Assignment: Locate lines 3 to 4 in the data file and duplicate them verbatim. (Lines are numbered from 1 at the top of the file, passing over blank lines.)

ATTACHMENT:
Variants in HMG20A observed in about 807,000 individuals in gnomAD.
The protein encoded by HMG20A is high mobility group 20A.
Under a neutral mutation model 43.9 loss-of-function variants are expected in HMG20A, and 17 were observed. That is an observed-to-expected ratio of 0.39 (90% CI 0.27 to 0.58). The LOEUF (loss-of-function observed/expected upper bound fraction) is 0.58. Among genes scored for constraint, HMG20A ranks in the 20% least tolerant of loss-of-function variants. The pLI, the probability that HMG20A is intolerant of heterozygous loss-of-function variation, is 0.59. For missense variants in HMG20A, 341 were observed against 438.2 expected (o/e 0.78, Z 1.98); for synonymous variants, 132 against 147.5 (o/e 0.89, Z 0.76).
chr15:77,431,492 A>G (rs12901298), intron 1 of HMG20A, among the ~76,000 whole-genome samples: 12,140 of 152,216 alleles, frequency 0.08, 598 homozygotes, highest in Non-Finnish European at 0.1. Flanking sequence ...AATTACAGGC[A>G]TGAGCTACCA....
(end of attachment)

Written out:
Under a neutral mutation model 43.9 loss-of-function variants are expected in HMG20A, and 17 were observed. That is an observed-to-expected ratio of 0.39 (90% CI 0.27 to 0.58). The LOEUF (loss-of-function observed/expected upper bound fraction) is 0.58. Among genes scored for constraint, HMG20A ranks in the 20% least tolerant of loss-of-function variants. The pLI, the probability that HMG20A is intolerant of heterozygous loss-of-function variation, is 0.59. For missense variants in HMG20A, 341 were observed against 438.2 expected (o/e 0.78, Z 1.98); for synonymous variants, 132 against 147.5 (o/e 0.89, Z 0.76).
chr15:77,431,492 A>G (rs12901298), intron 1 of HMG20A, among the ~76,000 whole-genome samples: 12,140 of 152,216 alleles, frequency 0.08, 598 homozygotes, highest in Non-Finnish European at 0.1. Flanking sequence ...AATTACAGGC[A>G]TGAGCTACCA....